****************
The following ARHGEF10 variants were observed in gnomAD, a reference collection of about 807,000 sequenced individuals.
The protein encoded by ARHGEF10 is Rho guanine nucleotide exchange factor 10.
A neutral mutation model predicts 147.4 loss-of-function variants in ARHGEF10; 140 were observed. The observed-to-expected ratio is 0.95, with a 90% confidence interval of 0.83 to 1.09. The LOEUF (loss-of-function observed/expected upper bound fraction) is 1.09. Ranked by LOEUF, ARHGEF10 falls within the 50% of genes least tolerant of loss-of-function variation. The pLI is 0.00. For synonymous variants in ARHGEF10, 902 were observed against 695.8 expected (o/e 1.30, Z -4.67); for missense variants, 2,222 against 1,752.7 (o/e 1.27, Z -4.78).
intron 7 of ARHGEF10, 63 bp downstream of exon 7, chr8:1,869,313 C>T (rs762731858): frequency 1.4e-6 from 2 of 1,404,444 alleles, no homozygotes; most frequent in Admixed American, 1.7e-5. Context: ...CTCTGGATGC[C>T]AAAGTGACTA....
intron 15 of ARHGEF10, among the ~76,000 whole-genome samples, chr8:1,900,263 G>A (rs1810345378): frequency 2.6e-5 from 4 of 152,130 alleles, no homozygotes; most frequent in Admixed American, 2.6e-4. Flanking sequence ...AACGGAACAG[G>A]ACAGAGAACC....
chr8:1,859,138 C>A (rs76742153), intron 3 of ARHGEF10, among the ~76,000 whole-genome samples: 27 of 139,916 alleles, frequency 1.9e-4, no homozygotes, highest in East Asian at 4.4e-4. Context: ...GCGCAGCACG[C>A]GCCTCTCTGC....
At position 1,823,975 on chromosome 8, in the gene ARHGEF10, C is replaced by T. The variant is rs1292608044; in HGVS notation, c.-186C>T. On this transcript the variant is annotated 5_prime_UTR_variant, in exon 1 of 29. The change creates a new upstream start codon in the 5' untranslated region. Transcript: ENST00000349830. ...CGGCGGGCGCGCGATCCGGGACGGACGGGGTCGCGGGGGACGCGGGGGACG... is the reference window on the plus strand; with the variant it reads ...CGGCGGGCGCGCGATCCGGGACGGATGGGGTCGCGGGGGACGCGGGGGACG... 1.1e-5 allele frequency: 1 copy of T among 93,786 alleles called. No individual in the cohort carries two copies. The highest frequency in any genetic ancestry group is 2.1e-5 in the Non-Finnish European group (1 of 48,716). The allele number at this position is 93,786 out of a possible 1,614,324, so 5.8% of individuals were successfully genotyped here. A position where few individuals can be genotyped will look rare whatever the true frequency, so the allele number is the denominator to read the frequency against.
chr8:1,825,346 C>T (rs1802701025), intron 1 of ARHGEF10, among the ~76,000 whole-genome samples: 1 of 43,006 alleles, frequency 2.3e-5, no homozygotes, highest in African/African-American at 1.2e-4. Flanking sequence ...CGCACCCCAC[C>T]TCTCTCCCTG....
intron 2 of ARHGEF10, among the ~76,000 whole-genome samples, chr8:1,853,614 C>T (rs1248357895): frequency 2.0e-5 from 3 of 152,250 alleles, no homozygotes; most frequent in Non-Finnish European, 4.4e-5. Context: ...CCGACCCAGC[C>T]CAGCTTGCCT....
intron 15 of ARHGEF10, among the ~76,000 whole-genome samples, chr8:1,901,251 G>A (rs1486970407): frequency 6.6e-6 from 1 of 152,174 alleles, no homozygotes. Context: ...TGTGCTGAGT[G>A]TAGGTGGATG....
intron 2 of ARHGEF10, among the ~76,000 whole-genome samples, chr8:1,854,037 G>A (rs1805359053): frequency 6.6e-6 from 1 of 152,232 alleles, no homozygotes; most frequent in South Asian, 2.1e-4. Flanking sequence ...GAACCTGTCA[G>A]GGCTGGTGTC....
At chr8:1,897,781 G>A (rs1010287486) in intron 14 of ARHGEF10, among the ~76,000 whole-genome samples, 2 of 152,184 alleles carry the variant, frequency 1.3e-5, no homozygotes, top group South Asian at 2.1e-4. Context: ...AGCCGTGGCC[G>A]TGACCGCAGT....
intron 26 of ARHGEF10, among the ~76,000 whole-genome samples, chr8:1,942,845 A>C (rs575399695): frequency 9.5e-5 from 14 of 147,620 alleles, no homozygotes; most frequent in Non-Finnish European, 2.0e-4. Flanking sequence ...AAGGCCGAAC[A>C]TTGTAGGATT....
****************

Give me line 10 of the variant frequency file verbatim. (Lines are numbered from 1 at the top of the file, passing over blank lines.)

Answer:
intron 15 of ARHGEF10, among the ~76,000 whole-genome samples, chr8:1,901,251 G>A (rs1486970407): frequency 6.6e-6 from 1 of 152,174 alleles, no homozygotes. Context: ...TGTGCTGAGT[G>A]TAGGTGGATG....